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As I was cleaning up tags and defining a few synonyms, I was again frustrated by the lack of consensus about two sets of tag names on answers to a prior meta question of mine. However, as I started actually looking through the questions, many seem to warrant both.

Most of the technical tag names I volunteered are systems (e.g. "endocrinology"). These are often more broad than organs (e.g. "thyroid"). Also, the technical terms sometimes don't encompass the questions people have about organs (is "blood" as in "donating blood" really about "hematology"?) This is confusing to think about meshing everything, but it also makes me happy because I wonder if both sets seen in the answers on that meta question might be appropriate.

This would mean that some questions (that do fit easily in both a system and an organ tag) would get two tags standardly, plus whatever else is relevant. So a question about drug treatment of Graves' Disease (a thyroid condition) might have:

This would require some upkeep. Not everybody knows what endocrinology is. (I have already defined "hormones" as a synonym; there may be others.) However, if our regular users are willing to edit tags on questions from new users as they come up, I think a clear, consistent tagging method would help the site be more useful.*

What do y'all think? Are we willing to do this? If not, is there another way to keep things organized?


*Because I always need a footnote for a post to feel complete. Other possible benefits include: keeping experienced users engaged with tag edits and minimizing duplicates by making existing Q&As on a topic easy to find.

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I like it. Using both the systems and organs is close to the method we apply at work for some technical wiki documentation (on a completely unrelated subject). Each document has two categories (comparable to our tags):

  • One defines the nature of the document (specification, study, best-practice, policy, etc.)
  • One defines the involved matter (programming language, databases, security, communication system, etc.)

This is absolutely satisfactory, we have been using this system for 7 or 8 years.

As any analogy, this one has boudaries that we could quickly reached. What is relevant here:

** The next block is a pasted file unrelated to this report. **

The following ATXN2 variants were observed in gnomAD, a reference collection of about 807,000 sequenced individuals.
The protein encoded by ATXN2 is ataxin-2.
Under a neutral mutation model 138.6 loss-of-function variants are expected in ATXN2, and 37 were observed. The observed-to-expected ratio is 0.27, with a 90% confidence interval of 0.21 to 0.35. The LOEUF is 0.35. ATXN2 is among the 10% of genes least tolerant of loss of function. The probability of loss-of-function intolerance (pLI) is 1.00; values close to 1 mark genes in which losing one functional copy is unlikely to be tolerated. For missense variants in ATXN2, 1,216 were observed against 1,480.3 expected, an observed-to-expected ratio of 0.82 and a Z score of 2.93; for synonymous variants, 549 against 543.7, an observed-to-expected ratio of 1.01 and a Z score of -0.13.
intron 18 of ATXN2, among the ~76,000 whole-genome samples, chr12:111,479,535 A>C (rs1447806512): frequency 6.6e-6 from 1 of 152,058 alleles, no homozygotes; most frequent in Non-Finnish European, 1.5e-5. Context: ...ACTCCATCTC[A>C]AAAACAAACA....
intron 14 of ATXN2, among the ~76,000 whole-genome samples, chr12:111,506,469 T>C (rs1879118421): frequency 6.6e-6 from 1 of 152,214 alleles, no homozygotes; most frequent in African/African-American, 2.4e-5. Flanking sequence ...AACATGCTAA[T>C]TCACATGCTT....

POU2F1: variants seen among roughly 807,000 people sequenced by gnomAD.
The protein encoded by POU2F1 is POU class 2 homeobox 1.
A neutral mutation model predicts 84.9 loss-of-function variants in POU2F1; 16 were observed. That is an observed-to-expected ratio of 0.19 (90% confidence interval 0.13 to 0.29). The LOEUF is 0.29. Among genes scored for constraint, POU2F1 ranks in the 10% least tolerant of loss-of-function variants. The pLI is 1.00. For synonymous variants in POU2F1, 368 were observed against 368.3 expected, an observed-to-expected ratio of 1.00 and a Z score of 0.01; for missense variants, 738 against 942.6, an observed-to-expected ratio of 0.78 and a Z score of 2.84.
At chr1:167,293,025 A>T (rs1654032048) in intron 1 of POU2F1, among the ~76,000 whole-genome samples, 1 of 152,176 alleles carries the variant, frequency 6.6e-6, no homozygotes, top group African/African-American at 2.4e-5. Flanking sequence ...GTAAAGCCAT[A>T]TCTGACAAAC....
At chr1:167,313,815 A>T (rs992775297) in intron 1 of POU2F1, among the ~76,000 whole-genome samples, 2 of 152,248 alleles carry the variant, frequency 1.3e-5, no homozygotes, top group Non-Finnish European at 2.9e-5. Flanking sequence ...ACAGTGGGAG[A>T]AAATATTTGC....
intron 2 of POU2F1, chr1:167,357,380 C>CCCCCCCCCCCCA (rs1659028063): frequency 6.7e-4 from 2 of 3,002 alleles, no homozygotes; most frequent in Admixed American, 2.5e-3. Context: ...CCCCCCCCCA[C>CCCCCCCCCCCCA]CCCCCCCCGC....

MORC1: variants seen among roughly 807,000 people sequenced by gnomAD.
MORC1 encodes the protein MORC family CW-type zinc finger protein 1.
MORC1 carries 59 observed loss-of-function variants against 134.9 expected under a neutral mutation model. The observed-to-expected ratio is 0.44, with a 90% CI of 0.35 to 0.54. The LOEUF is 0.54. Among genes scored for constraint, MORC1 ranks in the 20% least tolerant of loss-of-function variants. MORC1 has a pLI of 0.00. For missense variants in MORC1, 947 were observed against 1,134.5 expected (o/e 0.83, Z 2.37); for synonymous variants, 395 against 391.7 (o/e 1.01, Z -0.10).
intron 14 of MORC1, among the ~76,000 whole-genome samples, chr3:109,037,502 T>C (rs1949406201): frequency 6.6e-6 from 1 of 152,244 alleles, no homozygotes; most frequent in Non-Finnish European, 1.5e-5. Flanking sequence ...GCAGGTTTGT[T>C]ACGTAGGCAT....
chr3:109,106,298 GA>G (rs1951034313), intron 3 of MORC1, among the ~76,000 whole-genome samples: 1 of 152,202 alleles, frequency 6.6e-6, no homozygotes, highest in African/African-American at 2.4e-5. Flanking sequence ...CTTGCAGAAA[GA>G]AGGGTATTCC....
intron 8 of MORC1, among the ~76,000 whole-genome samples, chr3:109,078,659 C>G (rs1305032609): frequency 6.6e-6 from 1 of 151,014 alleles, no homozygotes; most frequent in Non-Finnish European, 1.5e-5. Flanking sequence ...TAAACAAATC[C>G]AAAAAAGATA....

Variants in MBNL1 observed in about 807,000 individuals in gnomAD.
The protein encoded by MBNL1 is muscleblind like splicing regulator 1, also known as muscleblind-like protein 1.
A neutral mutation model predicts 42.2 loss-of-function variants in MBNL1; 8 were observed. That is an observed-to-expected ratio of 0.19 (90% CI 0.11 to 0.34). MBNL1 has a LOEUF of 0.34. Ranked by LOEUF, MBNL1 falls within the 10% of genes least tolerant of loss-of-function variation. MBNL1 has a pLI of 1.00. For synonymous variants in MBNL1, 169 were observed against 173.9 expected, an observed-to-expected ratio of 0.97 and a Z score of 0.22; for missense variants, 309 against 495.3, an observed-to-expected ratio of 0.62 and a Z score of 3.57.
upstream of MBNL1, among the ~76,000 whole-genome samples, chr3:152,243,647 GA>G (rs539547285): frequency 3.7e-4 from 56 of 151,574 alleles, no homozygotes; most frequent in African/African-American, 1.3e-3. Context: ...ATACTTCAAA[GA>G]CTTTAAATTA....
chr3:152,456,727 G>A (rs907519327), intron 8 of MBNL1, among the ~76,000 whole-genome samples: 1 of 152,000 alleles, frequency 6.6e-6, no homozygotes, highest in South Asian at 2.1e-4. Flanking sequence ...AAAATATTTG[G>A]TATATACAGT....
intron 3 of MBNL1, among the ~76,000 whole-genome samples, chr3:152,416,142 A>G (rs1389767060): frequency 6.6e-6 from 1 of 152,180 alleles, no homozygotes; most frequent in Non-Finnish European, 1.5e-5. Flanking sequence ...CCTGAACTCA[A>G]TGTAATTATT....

• the document nature stands for our system: this is a kind of "domain".
  • the matter stands for our organ: this is the precise "object" of this wide "domain" that is interesting us in this document.
  • It is true this requires quite a lot of administration work, as users are not necessarily prone to follow this method when writing (actually: usually they are not). This is the drawback. But they love it when they have to search something as this is easy and intuitive.

And this is where this analogy doesn't apply:

This system is not limited to strictly medical questions for sure:

But I don't know if this applies to all our Q/A. For example, how to tag these:

Applying this system would be a step in the right direction. And this could also help us to think about a wider system that would apply to the questions above (provided it doesn't apply already: it is not because I don't see how it would apply that it doesn't).


*This is a footnote.

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    (If only I one one +1 for the post and one +1 for the asterisk!) I should have specified that I didn't mean for it to include all questions, only those to which the tags are applicable. The analogy is helpful, thanks. SE has argued against true "meta" tags describing the type of question, but organ system is meta in a different domain and I think makes sense. – Susan Apr 24 '15 at 12:56
  • @Susan ;) - That's right for the meta tags, I should have explained I am not intending to go that far. I edited my answer accordingly. Thanks! – Shlublu Apr 24 '15 at 13:01
  • @Susan Your system is wider than initially intended, though. I've made some edits to illustrate that. – Shlublu Apr 24 '15 at 13:22
  • Good point. If you're asking for opinions: I think that no-idea #1 is urology; #3,4 may be dermatology, skin. Those two get awfully close to synonyms, but one could imagine, e.g., a question about a wound that would be about skin but not really dermatology. – Susan Apr 24 '15 at 13:29
  • @Susan This makes complete sense, thanks! I'm going to edit that again... Well I'll have to find new counter examples as my question is going to be short of these :) – Shlublu Apr 24 '15 at 13:35

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